Do you know how to take a compliment? More importantly, do you know how to use a compliment? Most businesspeople love positive client testimonials. Imagine restaurants without 5-star Yelp reviews, movies without 95% fresh ratings, weight loss clinics without before-and-after pictures. Amazon has architected its entire business around soliciting reviews for every product in its inventory, from books to electronics to spackle. They’re a critical success driver for its business. When it comes to the financial industry, though, advisors are gun-shy about testimonials. Obviously, advisors face significant regulatory restraints to using client statements in their marketing. At times, the rules can go beyond prohibiting testimonials in marketing materials to severely cramping your social media presence, forcing you to turn off comments and limit engagement. But just because you can’t publish testimonials doesn’t mean you shouldn’t pay attention to them. They have significant utility in opening your eyes to the real reasons why your clients love you—and they may not be the reasons you expect.
You’ve seen the stats. Women already control most of the wealth in America, and our share is only going up (1). Boomer women have started inheriting their husbands’ assets. Millennial women are outpacing men in academic achievement (2). So, if you’re an advisor looking to ramp up growth, it makes sense to target women as clients, right? Wrong. If you’re a guy, turn this around for a moment. Imagine you get a phone call from some other kind of professional advisor you might consider hiring—say, an attorney, or a CPA, or a small business IT consultant. The voice on the phone explains the offering, and then tells you, "I think you’ll definitely like our tech support, because we specialize in serving male advisors." What does that even mean? Sounds ridiculous, doesn’t it?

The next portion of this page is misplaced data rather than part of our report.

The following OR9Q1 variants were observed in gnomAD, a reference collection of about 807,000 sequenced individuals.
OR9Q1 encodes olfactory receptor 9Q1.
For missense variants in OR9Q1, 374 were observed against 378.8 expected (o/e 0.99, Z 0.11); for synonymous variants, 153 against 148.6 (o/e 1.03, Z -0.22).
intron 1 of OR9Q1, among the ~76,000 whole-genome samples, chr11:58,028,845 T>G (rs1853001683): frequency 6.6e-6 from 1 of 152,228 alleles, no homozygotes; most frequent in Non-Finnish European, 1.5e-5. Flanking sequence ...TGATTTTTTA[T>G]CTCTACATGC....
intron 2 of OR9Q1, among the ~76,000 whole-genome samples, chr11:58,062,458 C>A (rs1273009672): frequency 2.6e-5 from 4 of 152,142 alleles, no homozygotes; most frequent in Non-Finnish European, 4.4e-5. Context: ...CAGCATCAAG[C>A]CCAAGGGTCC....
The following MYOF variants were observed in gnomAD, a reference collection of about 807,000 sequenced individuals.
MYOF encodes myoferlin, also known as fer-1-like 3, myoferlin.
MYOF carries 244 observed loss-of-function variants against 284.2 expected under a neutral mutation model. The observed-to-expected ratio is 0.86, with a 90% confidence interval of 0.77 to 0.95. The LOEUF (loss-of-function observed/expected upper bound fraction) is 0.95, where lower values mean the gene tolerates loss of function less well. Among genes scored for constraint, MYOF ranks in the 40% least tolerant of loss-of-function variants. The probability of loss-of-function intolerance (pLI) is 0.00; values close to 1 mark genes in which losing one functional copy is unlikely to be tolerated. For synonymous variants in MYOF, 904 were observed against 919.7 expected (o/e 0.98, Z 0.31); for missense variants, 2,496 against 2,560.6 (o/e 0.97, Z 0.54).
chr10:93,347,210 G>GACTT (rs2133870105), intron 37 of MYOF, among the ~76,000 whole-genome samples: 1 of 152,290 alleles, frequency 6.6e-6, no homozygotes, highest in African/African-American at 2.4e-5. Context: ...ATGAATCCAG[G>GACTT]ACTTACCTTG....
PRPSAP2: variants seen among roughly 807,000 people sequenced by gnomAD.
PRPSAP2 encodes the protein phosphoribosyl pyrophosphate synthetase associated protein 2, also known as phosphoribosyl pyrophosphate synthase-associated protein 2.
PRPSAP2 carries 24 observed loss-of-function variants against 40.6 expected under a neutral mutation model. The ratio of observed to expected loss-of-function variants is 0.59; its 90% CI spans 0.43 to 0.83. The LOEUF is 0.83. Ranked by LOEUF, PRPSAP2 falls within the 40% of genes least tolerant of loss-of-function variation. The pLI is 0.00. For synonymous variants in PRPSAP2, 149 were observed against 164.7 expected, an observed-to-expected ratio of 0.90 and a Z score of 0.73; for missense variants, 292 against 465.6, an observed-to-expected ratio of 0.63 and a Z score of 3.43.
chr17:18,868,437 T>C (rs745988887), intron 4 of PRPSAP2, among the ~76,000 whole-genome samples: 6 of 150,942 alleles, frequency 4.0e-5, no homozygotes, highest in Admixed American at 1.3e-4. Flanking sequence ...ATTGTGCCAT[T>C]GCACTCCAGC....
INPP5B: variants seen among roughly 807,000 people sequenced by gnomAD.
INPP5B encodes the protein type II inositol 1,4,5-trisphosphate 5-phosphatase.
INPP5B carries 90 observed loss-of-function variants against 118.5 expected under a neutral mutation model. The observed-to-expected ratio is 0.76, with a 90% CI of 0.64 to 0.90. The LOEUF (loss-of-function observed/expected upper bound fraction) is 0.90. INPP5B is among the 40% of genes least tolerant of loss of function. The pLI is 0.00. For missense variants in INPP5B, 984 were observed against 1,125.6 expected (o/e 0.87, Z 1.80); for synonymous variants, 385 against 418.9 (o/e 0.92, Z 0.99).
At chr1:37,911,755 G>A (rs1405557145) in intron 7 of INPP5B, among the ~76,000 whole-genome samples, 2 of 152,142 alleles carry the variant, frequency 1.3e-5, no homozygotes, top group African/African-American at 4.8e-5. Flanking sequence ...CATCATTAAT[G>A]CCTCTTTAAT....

Do you plan to spend more on marketing this year? Apparently, your peers do. According to the latest TD Ameritrade Institutional RIA Sentiment Survey, RIAs expect to increase their 2017 marketing budgets by 27%. I wonder where all that money is going. In the survey, nearly 6 in 10 advisors say they’ll spend more on social media, and 37% plan to change up their marketing and networking to appeal to younger clients. Those trends make sense if organic growth really is slowing down, as some advisors are reporting. Some of that cash may be going to fight the robo "threat." As you may have read, Michael Kitces declared that independent B2C robo advisors are dying. Whether that’s true or not, the fact is that robos did disrupt the industry. They commoditized investment management, raised client expectations and catalyzed a new wave of innovation in response. Maybe a higher marketing spend is part of that trend. But frankly, I’m worried. All those extra dollars could go to waste if advisors make one critical mistake: trying to find a silver bullet. There is no such thing.
Right now, you should be running. At top speed. With a flag in your hand, ready to plant it in the ground. Get the reference? It’s from Far and Away, that ‘90s movie where Tom Cruise plays an Irish immigrant on a land run in the Old West. He’s running across the open prairie with a flag in his hand, looking for a little plot of land to claim. Then, just in the nick of time, right as a posse of competing land rushers comes riding up over the hill, he and Nicole Kidman plant their flag and stake their claim. It’s very dramatic. It’s also an apt metaphor for RIAs. You occupy extremely desirable territory in the market. But a herd of new claimants is coming to take it from you, if you don’t plant your flag and stake your claim right now.